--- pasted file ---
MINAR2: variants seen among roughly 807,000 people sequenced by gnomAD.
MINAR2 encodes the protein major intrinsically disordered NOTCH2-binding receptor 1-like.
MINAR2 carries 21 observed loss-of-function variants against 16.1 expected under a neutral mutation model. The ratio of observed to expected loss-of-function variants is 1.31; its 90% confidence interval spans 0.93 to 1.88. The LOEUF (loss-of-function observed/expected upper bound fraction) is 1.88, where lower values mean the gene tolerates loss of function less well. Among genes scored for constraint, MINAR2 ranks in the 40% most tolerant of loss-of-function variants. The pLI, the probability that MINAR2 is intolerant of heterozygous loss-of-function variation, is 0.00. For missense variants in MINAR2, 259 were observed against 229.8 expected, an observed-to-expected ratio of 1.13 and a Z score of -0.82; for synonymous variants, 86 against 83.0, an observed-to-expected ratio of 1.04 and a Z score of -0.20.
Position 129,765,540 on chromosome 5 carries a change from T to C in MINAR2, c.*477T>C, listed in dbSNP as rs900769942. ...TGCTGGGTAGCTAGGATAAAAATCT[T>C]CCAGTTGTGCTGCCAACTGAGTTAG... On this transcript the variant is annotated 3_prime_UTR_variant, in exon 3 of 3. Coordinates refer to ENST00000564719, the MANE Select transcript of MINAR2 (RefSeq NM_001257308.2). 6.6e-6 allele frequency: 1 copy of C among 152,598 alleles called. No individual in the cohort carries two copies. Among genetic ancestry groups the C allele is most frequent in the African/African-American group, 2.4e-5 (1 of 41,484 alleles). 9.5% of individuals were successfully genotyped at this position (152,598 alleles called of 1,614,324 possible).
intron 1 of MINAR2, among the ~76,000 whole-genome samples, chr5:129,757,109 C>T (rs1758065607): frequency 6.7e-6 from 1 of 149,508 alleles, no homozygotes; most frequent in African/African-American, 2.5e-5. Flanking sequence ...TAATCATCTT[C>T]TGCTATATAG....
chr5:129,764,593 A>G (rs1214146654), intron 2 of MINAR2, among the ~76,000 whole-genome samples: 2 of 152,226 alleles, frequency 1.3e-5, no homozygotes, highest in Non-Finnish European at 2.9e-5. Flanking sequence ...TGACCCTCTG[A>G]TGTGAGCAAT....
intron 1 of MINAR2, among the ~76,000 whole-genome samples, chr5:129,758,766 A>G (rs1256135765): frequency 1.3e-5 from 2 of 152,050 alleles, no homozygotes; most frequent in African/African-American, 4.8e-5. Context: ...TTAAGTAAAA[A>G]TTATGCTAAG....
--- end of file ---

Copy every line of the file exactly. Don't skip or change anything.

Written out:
MINAR2: variants seen among roughly 807,000 people sequenced by gnomAD.
MINAR2 encodes the protein major intrinsically disordered NOTCH2-binding receptor 1-like.
MINAR2 carries 21 observed loss-of-function variants against 16.1 expected under a neutral mutation model. The ratio of observed to expected loss-of-function variants is 1.31; its 90% confidence interval spans 0.93 to 1.88. The LOEUF (loss-of-function observed/expected upper bound fraction) is 1.88, where lower values mean the gene tolerates loss of function less well. Among genes scored for constraint, MINAR2 ranks in the 40% most tolerant of loss-of-function variants. The pLI, the probability that MINAR2 is intolerant of heterozygous loss-of-function variation, is 0.00. For missense variants in MINAR2, 259 were observed against 229.8 expected, an observed-to-expected ratio of 1.13 and a Z score of -0.82; for synonymous variants, 86 against 83.0, an observed-to-expected ratio of 1.04 and a Z score of -0.20.
Position 129,765,540 on chromosome 5 carries a change from T to C in MINAR2, c.*477T>C, listed in dbSNP as rs900769942. ...TGCTGGGTAGCTAGGATAAAAATCT[T>C]CCAGTTGTGCTGCCAACTGAGTTAG... On this transcript the variant is annotated 3_prime_UTR_variant, in exon 3 of 3. Coordinates refer to ENST00000564719, the MANE Select transcript of MINAR2 (RefSeq NM_001257308.2). 6.6e-6 allele frequency: 1 copy of C among 152,598 alleles called. No individual in the cohort carries two copies. Among genetic ancestry groups the C allele is most frequent in the African/African-American group, 2.4e-5 (1 of 41,484 alleles). 9.5% of individuals were successfully genotyped at this position (152,598 alleles called of 1,614,324 possible).
intron 1 of MINAR2, among the ~76,000 whole-genome samples, chr5:129,757,109 C>T (rs1758065607): frequency 6.7e-6 from 1 of 149,508 alleles, no homozygotes; most frequent in African/African-American, 2.5e-5. Flanking sequence ...TAATCATCTT[C>T]TGCTATATAG....
chr5:129,764,593 A>G (rs1214146654), intron 2 of MINAR2, among the ~76,000 whole-genome samples: 2 of 152,226 alleles, frequency 1.3e-5, no homozygotes, highest in Non-Finnish European at 2.9e-5. Flanking sequence ...TGACCCTCTG[A>G]TGTGAGCAAT....
intron 1 of MINAR2, among the ~76,000 whole-genome samples, chr5:129,758,766 A>G (rs1256135765): frequency 1.3e-5 from 2 of 152,050 alleles, no homozygotes; most frequent in African/African-American, 4.8e-5. Context: ...TTAAGTAAAA[A>G]TTATGCTAAG....